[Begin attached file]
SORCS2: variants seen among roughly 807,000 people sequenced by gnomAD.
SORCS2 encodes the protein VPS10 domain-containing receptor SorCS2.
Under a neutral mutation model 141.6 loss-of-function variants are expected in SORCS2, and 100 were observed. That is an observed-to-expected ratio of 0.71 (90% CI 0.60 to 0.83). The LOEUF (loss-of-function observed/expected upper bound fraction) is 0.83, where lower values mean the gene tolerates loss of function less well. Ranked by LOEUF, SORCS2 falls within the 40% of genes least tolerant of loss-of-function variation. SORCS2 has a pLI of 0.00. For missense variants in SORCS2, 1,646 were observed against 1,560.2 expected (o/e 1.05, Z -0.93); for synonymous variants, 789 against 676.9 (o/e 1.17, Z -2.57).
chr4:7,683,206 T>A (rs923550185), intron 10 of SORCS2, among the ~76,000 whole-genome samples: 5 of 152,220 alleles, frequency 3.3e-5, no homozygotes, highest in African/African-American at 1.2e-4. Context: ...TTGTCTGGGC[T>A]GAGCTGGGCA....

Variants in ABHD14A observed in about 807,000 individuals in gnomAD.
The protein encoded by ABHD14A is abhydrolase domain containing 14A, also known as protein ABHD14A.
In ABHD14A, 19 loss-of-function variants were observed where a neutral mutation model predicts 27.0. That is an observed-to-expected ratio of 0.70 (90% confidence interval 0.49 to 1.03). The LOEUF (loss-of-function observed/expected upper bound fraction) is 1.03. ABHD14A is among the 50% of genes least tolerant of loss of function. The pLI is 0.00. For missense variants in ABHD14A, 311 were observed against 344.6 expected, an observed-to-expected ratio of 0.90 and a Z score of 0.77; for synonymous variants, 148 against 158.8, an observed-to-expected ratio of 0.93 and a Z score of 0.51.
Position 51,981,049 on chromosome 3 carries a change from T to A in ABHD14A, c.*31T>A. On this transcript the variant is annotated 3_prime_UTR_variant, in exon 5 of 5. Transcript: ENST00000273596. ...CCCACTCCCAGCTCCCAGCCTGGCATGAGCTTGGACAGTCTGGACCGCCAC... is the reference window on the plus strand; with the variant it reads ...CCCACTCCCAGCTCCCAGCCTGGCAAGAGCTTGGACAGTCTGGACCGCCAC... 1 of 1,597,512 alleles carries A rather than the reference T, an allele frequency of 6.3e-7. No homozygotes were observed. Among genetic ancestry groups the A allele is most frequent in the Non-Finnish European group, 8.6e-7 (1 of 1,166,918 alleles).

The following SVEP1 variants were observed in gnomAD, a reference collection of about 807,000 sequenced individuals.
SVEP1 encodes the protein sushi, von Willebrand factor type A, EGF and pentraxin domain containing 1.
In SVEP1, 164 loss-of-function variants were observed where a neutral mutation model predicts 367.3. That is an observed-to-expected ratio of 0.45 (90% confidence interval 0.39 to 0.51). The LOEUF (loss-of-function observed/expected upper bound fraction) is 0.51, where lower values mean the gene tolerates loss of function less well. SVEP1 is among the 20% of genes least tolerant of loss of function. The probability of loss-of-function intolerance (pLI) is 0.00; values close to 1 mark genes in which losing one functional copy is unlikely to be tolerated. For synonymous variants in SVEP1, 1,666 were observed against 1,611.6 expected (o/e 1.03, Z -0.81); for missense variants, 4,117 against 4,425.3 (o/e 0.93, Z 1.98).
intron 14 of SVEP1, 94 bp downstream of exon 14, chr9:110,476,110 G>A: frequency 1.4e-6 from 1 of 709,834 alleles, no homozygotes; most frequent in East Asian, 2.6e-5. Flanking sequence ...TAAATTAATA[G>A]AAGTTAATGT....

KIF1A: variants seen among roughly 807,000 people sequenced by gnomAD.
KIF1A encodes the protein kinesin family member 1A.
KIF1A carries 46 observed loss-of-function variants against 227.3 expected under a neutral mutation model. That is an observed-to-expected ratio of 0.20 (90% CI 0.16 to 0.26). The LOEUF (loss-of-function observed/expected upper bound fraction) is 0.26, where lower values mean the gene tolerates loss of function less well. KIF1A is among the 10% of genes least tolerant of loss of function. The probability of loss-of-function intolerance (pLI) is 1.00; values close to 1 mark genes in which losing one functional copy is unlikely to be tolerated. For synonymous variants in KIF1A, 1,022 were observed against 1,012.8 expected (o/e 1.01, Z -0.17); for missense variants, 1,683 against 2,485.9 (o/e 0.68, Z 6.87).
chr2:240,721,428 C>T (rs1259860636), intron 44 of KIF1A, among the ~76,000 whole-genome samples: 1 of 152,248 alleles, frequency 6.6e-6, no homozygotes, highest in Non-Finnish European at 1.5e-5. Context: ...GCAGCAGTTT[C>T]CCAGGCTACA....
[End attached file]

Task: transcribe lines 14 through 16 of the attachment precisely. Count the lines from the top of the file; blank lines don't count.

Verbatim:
KIF1A encodes the protein kinesin family member 1A.
KIF1A carries 46 observed loss-of-function variants against 227.3 expected under a neutral mutation model. That is an observed-to-expected ratio of 0.20 (90% CI 0.16 to 0.26). The LOEUF (loss-of-function observed/expected upper bound fraction) is 0.26, where lower values mean the gene tolerates loss of function less well. KIF1A is among the 10% of genes least tolerant of loss of function. The probability of loss-of-function intolerance (pLI) is 1.00; values close to 1 mark genes in which losing one functional copy is unlikely to be tolerated. For synonymous variants in KIF1A, 1,022 were observed against 1,012.8 expected (o/e 1.01, Z -0.17); for missense variants, 1,683 against 2,485.9 (o/e 0.68, Z 6.87).
chr2:240,721,428 C>T (rs1259860636), intron 44 of KIF1A, among the ~76,000 whole-genome samples: 1 of 152,248 alleles, frequency 6.6e-6, no homozygotes, highest in Non-Finnish European at 1.5e-5. Context: ...GCAGCAGTTT[C>T]CCAGGCTACA....